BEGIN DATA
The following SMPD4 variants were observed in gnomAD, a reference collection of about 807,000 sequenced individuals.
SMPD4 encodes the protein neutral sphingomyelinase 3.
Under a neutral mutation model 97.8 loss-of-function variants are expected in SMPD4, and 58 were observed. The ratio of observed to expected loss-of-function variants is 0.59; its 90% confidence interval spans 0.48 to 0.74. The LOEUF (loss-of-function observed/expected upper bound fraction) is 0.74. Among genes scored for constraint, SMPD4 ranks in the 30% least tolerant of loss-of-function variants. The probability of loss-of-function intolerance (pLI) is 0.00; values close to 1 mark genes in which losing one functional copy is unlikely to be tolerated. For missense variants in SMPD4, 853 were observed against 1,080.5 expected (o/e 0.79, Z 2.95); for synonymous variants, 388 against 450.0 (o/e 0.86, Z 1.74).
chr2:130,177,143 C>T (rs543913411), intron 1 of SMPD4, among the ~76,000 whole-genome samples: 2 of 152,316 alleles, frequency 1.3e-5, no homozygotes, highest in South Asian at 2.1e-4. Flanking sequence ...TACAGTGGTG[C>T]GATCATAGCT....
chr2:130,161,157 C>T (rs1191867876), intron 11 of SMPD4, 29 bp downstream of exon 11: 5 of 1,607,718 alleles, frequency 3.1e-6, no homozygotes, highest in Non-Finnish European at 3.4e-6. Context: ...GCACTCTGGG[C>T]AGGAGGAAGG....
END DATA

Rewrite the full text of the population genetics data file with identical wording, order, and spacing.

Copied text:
The following SMPD4 variants were observed in gnomAD, a reference collection of about 807,000 sequenced individuals.
SMPD4 encodes the protein neutral sphingomyelinase 3.
Under a neutral mutation model 97.8 loss-of-function variants are expected in SMPD4, and 58 were observed. The ratio of observed to expected loss-of-function variants is 0.59; its 90% confidence interval spans 0.48 to 0.74. The LOEUF (loss-of-function observed/expected upper bound fraction) is 0.74. Among genes scored for constraint, SMPD4 ranks in the 30% least tolerant of loss-of-function variants. The probability of loss-of-function intolerance (pLI) is 0.00; values close to 1 mark genes in which losing one functional copy is unlikely to be tolerated. For missense variants in SMPD4, 853 were observed against 1,080.5 expected (o/e 0.79, Z 2.95); for synonymous variants, 388 against 450.0 (o/e 0.86, Z 1.74).
chr2:130,177,143 C>T (rs543913411), intron 1 of SMPD4, among the ~76,000 whole-genome samples: 2 of 152,316 alleles, frequency 1.3e-5, no homozygotes, highest in South Asian at 2.1e-4. Flanking sequence ...TACAGTGGTG[C>T]GATCATAGCT....
chr2:130,161,157 C>T (rs1191867876), intron 11 of SMPD4, 29 bp downstream of exon 11: 5 of 1,607,718 alleles, frequency 3.1e-6, no homozygotes, highest in Non-Finnish European at 3.4e-6. Context: ...GCACTCTGGG[C>T]AGGAGGAAGG....